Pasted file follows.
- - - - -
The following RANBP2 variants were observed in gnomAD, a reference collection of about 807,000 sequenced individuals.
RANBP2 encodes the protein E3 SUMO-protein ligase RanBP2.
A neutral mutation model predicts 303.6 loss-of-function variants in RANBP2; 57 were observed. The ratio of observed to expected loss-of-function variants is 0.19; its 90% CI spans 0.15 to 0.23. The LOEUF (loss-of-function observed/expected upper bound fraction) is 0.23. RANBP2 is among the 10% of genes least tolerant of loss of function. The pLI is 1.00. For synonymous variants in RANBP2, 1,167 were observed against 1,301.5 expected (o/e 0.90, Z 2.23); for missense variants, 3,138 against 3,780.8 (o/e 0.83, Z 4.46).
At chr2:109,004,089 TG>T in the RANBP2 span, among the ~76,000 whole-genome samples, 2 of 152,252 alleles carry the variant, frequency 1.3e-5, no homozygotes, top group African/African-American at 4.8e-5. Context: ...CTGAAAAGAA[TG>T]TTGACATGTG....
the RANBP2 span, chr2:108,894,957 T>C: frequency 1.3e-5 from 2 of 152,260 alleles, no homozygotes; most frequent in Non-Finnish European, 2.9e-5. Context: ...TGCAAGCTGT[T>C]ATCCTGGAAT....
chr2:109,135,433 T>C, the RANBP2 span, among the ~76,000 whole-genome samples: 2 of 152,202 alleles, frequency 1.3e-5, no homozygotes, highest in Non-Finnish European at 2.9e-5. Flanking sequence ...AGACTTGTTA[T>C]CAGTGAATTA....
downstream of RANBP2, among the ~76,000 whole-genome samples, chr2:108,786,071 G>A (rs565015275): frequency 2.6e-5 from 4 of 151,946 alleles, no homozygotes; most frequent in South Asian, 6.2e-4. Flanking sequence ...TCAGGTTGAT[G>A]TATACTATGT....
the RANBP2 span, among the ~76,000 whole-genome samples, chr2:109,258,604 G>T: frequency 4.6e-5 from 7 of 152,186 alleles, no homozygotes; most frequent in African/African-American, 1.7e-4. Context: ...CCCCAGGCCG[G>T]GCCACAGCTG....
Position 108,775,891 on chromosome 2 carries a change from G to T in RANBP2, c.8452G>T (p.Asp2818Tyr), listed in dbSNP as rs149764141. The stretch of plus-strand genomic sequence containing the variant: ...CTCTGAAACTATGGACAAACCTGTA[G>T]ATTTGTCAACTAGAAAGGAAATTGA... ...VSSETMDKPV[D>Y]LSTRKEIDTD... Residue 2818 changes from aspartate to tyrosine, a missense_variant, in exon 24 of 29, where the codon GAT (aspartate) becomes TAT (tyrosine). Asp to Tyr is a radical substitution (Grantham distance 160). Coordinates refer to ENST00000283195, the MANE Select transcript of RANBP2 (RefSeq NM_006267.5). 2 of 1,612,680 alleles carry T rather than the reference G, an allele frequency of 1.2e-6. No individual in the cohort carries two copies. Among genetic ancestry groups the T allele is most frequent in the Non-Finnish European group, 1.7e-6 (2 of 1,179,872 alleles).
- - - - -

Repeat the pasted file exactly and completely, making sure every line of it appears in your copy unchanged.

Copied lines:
The following RANBP2 variants were observed in gnomAD, a reference collection of about 807,000 sequenced individuals.
RANBP2 encodes the protein E3 SUMO-protein ligase RanBP2.
A neutral mutation model predicts 303.6 loss-of-function variants in RANBP2; 57 were observed. The ratio of observed to expected loss-of-function variants is 0.19; its 90% CI spans 0.15 to 0.23. The LOEUF (loss-of-function observed/expected upper bound fraction) is 0.23. RANBP2 is among the 10% of genes least tolerant of loss of function. The pLI is 1.00. For synonymous variants in RANBP2, 1,167 were observed against 1,301.5 expected (o/e 0.90, Z 2.23); for missense variants, 3,138 against 3,780.8 (o/e 0.83, Z 4.46).
At chr2:109,004,089 TG>T in the RANBP2 span, among the ~76,000 whole-genome samples, 2 of 152,252 alleles carry the variant, frequency 1.3e-5, no homozygotes, top group African/African-American at 4.8e-5. Context: ...CTGAAAAGAA[TG>T]TTGACATGTG....
the RANBP2 span, chr2:108,894,957 T>C: frequency 1.3e-5 from 2 of 152,260 alleles, no homozygotes; most frequent in Non-Finnish European, 2.9e-5. Context: ...TGCAAGCTGT[T>C]ATCCTGGAAT....
chr2:109,135,433 T>C, the RANBP2 span, among the ~76,000 whole-genome samples: 2 of 152,202 alleles, frequency 1.3e-5, no homozygotes, highest in Non-Finnish European at 2.9e-5. Flanking sequence ...AGACTTGTTA[T>C]CAGTGAATTA....
downstream of RANBP2, among the ~76,000 whole-genome samples, chr2:108,786,071 G>A (rs565015275): frequency 2.6e-5 from 4 of 151,946 alleles, no homozygotes; most frequent in South Asian, 6.2e-4. Flanking sequence ...TCAGGTTGAT[G>A]TATACTATGT....
the RANBP2 span, among the ~76,000 whole-genome samples, chr2:109,258,604 G>T: frequency 4.6e-5 from 7 of 152,186 alleles, no homozygotes; most frequent in African/African-American, 1.7e-4. Context: ...CCCCAGGCCG[G>T]GCCACAGCTG....
Position 108,775,891 on chromosome 2 carries a change from G to T in RANBP2, c.8452G>T (p.Asp2818Tyr), listed in dbSNP as rs149764141. The stretch of plus-strand genomic sequence containing the variant: ...CTCTGAAACTATGGACAAACCTGTA[G>T]ATTTGTCAACTAGAAAGGAAATTGA... ...VSSETMDKPV[D>Y]LSTRKEIDTD... Residue 2818 changes from aspartate to tyrosine, a missense_variant, in exon 24 of 29, where the codon GAT (aspartate) becomes TAT (tyrosine). Asp to Tyr is a radical substitution (Grantham distance 160). Coordinates refer to ENST00000283195, the MANE Select transcript of RANBP2 (RefSeq NM_006267.5). 2 of 1,612,680 alleles carry T rather than the reference G, an allele frequency of 1.2e-6. No individual in the cohort carries two copies. Among genetic ancestry groups the T allele is most frequent in the Non-Finnish European group, 1.7e-6 (2 of 1,179,872 alleles).